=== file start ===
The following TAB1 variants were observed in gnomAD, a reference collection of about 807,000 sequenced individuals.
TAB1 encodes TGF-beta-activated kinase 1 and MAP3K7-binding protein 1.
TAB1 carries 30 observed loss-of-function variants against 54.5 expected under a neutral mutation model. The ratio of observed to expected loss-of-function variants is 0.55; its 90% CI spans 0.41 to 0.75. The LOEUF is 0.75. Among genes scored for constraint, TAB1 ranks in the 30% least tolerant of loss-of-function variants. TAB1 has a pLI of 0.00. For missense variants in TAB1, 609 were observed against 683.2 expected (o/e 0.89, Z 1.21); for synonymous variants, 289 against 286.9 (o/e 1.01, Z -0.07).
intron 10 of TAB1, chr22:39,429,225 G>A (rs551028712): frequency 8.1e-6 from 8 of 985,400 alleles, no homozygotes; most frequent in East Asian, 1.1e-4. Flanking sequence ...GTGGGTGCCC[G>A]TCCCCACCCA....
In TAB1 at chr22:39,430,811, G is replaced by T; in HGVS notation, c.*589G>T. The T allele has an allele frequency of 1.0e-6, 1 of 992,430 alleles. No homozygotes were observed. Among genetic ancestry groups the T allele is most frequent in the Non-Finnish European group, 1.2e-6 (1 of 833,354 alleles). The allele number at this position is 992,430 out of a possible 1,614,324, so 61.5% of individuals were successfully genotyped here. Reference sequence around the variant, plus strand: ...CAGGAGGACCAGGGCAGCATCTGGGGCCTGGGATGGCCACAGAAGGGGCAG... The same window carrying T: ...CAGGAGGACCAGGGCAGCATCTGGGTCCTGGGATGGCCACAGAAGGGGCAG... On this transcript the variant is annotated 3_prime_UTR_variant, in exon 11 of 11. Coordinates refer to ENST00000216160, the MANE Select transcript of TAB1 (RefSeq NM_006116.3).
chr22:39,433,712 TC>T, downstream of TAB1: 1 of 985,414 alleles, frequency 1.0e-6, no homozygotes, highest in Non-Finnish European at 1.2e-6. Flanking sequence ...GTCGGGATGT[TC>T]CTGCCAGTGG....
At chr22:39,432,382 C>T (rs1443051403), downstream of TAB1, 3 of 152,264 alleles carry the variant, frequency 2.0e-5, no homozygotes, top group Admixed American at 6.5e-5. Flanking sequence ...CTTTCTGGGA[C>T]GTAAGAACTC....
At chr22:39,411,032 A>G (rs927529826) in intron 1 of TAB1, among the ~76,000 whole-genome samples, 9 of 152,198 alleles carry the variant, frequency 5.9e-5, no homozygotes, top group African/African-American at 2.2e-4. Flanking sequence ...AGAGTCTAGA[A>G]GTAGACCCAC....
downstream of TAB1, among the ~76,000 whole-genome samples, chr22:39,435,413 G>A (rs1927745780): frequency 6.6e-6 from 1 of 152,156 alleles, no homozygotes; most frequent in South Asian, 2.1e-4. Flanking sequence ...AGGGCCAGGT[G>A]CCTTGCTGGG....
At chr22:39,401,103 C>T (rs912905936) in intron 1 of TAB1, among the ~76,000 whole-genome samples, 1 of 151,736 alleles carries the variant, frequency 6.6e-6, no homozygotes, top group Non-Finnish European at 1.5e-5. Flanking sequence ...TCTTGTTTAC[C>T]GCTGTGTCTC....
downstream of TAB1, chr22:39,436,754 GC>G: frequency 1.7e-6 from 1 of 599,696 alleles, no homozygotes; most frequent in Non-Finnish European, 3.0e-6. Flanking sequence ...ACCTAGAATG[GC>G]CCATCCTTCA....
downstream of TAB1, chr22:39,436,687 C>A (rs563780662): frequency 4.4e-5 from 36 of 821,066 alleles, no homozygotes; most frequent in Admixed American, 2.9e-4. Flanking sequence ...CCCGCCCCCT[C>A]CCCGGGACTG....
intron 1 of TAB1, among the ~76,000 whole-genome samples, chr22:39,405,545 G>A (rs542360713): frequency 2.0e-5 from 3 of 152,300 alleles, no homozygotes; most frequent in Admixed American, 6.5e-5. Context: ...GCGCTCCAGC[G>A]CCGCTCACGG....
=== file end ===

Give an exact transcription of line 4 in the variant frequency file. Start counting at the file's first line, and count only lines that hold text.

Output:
intron 10 of TAB1, chr22:39,429,225 G>A (rs551028712): frequency 8.1e-6 from 8 of 985,400 alleles, no homozygotes; most frequent in East Asian, 1.1e-4. Flanking sequence ...GTGGGTGCCC[G>A]TCCCCACCCA....